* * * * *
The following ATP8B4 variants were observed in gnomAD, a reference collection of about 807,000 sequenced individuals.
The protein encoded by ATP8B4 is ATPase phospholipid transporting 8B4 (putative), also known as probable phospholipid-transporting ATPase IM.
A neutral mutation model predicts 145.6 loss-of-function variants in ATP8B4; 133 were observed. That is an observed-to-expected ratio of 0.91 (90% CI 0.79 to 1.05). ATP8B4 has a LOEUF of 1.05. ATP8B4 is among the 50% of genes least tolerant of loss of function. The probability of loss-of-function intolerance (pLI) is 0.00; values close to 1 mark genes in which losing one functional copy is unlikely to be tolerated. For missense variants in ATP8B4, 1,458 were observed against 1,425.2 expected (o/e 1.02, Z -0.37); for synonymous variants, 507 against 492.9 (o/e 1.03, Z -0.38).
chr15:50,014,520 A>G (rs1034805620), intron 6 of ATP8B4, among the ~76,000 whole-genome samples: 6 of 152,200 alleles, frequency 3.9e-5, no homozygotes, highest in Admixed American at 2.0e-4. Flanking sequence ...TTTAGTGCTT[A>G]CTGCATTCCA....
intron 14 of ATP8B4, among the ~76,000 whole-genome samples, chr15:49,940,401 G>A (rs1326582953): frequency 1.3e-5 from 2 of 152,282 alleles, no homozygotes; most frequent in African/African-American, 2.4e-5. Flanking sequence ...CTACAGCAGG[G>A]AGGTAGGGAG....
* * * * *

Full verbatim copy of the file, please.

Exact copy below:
The following ATP8B4 variants were observed in gnomAD, a reference collection of about 807,000 sequenced individuals.
The protein encoded by ATP8B4 is ATPase phospholipid transporting 8B4 (putative), also known as probable phospholipid-transporting ATPase IM.
A neutral mutation model predicts 145.6 loss-of-function variants in ATP8B4; 133 were observed. That is an observed-to-expected ratio of 0.91 (90% CI 0.79 to 1.05). ATP8B4 has a LOEUF of 1.05. ATP8B4 is among the 50% of genes least tolerant of loss of function. The probability of loss-of-function intolerance (pLI) is 0.00; values close to 1 mark genes in which losing one functional copy is unlikely to be tolerated. For missense variants in ATP8B4, 1,458 were observed against 1,425.2 expected (o/e 1.02, Z -0.37); for synonymous variants, 507 against 492.9 (o/e 1.03, Z -0.38).
chr15:50,014,520 A>G (rs1034805620), intron 6 of ATP8B4, among the ~76,000 whole-genome samples: 6 of 152,200 alleles, frequency 3.9e-5, no homozygotes, highest in Admixed American at 2.0e-4. Flanking sequence ...TTTAGTGCTT[A>G]CTGCATTCCA....
intron 14 of ATP8B4, among the ~76,000 whole-genome samples, chr15:49,940,401 G>A (rs1326582953): frequency 1.3e-5 from 2 of 152,282 alleles, no homozygotes; most frequent in African/African-American, 2.4e-5. Flanking sequence ...CTACAGCAGG[G>A]AGGTAGGGAG....